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The new coronavirus and the flu: How to distinguish the difference, according to an expert



How can I tell the difference between flu and COVID-19?

It is impossible to say without a test. Influenza and COVID-19 have similar symptoms, you may need to get tested to find out what makes you unhappy.

Body aches, sore throats, fever, cough, shortness of breath, fatigue and headache are symptoms shared by both.

One difference? People with the flu usually feel most sick in the first week of illness. With COVID-19, people may feel worst in the second or third week and may be sick for a longer period of time.

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Another difference: COVID-19 is more likely than the flu to cause loss of taste or smell. But not everyone experiences this symptom, so it is not a reliable way to distinguish viruses.

This leaves tests that will become more important as flu season increases this fall in the Northern Hemisphere. Doctors will need to know the test results to determine the best treatment.

It is also possible to become infected with both viruses at the same time, said Dr. Daniel Solomon, an infectious disease expert at Brigham and Women Hospital and Harvard Medical School in Boston.

Body aches, sore throats, fever, cough, shortness of breath, fatigue and headache are symptoms shared by both.

Body aches, sore throats, fever, cough, shortness of breath, fatigue and headache are symptoms shared by both.
(iStock)

Whether you will be tested for one or both viruses may depend on how accessible the tests are and which viruses are circulating where you live, he said.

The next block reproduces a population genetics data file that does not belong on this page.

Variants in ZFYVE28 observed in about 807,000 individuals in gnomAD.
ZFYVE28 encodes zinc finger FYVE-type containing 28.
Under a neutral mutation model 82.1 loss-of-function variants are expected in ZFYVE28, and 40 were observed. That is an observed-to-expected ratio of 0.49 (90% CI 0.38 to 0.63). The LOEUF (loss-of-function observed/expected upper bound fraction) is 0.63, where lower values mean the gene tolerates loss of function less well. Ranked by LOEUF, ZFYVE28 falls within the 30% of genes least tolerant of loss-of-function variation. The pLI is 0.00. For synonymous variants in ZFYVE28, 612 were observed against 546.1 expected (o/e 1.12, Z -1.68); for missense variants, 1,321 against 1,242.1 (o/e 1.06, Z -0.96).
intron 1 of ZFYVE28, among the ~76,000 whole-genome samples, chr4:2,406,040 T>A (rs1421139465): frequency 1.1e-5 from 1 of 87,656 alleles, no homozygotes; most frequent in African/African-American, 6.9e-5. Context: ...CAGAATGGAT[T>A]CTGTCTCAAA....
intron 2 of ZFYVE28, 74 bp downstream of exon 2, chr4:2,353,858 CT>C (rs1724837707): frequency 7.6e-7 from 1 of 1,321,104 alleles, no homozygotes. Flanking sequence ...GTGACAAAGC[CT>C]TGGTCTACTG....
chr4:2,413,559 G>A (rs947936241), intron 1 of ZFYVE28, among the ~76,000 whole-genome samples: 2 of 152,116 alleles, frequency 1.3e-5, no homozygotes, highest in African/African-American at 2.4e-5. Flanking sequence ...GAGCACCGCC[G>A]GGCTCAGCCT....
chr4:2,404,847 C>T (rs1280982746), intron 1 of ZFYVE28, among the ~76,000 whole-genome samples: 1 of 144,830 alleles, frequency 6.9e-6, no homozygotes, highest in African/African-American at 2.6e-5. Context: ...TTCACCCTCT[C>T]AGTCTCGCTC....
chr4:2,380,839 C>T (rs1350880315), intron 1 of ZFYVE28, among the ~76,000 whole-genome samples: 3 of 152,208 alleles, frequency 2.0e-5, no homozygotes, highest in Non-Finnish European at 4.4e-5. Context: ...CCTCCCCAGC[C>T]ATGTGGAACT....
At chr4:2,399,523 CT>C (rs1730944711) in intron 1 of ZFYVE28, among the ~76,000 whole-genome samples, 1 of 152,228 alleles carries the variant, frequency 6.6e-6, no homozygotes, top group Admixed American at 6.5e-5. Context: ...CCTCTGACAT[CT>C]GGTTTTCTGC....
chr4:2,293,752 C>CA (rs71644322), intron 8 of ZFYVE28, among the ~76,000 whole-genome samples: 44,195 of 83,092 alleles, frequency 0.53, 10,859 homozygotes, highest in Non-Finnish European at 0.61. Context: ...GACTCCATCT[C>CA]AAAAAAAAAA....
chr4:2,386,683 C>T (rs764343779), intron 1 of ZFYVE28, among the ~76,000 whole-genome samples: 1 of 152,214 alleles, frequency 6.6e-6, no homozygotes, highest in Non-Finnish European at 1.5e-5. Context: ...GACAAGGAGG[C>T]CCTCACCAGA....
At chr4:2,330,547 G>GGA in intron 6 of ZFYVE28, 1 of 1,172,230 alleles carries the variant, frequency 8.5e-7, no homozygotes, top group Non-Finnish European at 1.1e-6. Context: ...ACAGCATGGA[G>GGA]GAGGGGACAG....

“We don’t see community transmission of the flu at the moment, so widespread flu tests are not yet recommended,” Solomon said.

Both influenza and coronavirus are spread by droplets from the nose and mouth. Both can spread before people realize they are sick. Influenza has a shorter incubation period – which means it can take one to four days after infection to feel bad – compared to the coronavirus, which can take two to 14 days from infection to symptoms.

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On average, COVID-19 is more contagious than the flu. But many people with COVID-19 do not spread the virus to anyone, while several people spread it to many others. These “overdose events” are more common with COVID-19 than with the flu, Solomon said.

Influenza prevention begins with an annual flu, in line with the circulating strains of influenza virus. Health officials would like to see a record number of people receive flu shots this year so that hospitals are not overwhelmed by two epidemics at once.

There is still no vaccine for COVID-19, although several candidates are in the final stages of testing.

Precautions against COVID-19 – masks, social distancing, hand washing – also slow the spread of the flu, so health officials hope that continued vigilance could reduce the severity of this year’s flu season.


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